Winner of the New Statesman SPERI Prize in Political Economy 2016

Saturday 14 January 2012

Downgrading France

One of the problems with the rating agencies’ assessments of the debt of major country governments is that they are too newsworthy. As a result, they appear to be much more important than they actually are. Jonathan Portes, before he started his own blog, had a healthily unbalanced assessment of their competence here.
                Having said this, Stephanie Flanders (and subsequently Paul Krugman) is absolutely right to focus on something interesting in S&P’s justification for removing AAA from France and downgrading other Eurozone economies. To quote from S&P:
We also believe that the [9th Dec] agreement is predicated on only a partial recognition
of the source of the crisis: that the current financial turmoil stems primarily from fiscal profligacy at the periphery of the eurozone. In our view, however, the financial problems facing the eurozone are as much a consequence of rising external imbalances and divergences in competitiveness between the EMU's core and the so-called "periphery". As such, we believe that a reform process based on a pillar of fiscal austerity alone risks becoming self-defeating, as domestic demand falls in line with consumers' rising concerns about job security and disposable incomes, eroding national tax revenues.

It is good that the competitiveness issue that I discussed here is now considered as serious a problem as any fiscal profligacy. It is also good that the possibility that fiscal austerity could go too far is being raised. Until recently, the general view seemed to be: the more austerity the better.  
                However, there is a danger of inconsistency in all this. Let us focus on the competitiveness issue. To correct this problem, we need inflation in uncompetitive Eurozone countries to be below German inflation. To achieve this, we almost certainly need a period in which domestic demand in those countries is weak relative to Germany. That has already happened to a considerable extent. The key question, which I raised here, is whether what has been done already is enough, or whether the gap – in simplistic terms – between non-German and German unemployment needs to be greater still. If inflation forecasts are to be believed, competitiveness correction appears to be painfully slow, reflecting perhaps the difficulty in reducing inflation outside Germany when it is already very low.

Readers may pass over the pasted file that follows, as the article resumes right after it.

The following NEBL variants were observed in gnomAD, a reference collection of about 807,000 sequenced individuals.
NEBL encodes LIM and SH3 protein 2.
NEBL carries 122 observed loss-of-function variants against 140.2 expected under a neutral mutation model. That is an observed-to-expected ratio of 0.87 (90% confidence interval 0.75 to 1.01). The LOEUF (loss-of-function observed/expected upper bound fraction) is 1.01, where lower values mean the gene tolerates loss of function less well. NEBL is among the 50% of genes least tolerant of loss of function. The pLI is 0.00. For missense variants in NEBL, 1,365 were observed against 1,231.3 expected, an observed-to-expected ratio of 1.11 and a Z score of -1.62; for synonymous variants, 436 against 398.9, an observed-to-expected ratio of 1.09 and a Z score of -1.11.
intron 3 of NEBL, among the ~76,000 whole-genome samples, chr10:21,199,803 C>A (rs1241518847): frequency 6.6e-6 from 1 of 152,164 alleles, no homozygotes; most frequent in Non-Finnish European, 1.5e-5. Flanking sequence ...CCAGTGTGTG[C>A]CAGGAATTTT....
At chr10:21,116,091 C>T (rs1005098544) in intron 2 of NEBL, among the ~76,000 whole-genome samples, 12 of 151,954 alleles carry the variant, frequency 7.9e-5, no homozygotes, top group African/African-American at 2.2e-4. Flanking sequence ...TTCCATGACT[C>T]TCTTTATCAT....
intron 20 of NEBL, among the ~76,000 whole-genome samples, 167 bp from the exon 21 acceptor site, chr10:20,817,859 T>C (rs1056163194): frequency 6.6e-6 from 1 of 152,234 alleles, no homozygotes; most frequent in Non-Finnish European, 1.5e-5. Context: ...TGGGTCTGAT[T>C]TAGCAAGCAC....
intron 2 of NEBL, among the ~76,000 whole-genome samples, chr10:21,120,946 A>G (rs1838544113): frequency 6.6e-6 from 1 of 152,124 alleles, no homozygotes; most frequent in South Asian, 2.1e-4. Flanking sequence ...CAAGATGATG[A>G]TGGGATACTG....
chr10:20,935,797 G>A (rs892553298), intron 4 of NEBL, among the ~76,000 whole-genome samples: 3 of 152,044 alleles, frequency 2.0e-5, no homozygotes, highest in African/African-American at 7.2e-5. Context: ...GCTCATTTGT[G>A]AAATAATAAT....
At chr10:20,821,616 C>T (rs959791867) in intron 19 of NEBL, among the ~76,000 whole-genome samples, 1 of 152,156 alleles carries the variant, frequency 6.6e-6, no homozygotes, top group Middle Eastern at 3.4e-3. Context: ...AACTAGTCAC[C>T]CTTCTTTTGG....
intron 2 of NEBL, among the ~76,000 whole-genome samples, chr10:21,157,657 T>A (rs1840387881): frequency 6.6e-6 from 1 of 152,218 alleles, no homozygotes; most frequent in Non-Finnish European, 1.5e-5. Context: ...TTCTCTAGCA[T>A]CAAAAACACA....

Of course it would be great if governments outside Germany could take measures that helped competitiveness without harming growth, but the group of such measures may be an empty set. It probably is the case that some measures may have more of an immediate impact on costs than others, and so if policy could focus more on the competitiveness problem that might help. But the real issue here is Germany.
                It is the outlook for Germany that makes everything so difficult. The OECD’s forecast is that German output will be below the level that will stabilise inflation over the next two years. This keeps German inflation low, making it that much harder for other countries to regain competitiveness. The Euro area desperately needs a much more rapid expansion in Germany, so that German inflation rises well above 2%. If the forecasts that this will not happen are correct, there is one policy instrument that is available that could turn this around, and that is fiscal expansion in Germany. (Yes, some more from the ECB would help too, but it is the relative position of Germany within the Eurozone that is key.) What S&P and others should be saying is: we need a large, quick but temporary increase in public spending in Germany to save the Euro.

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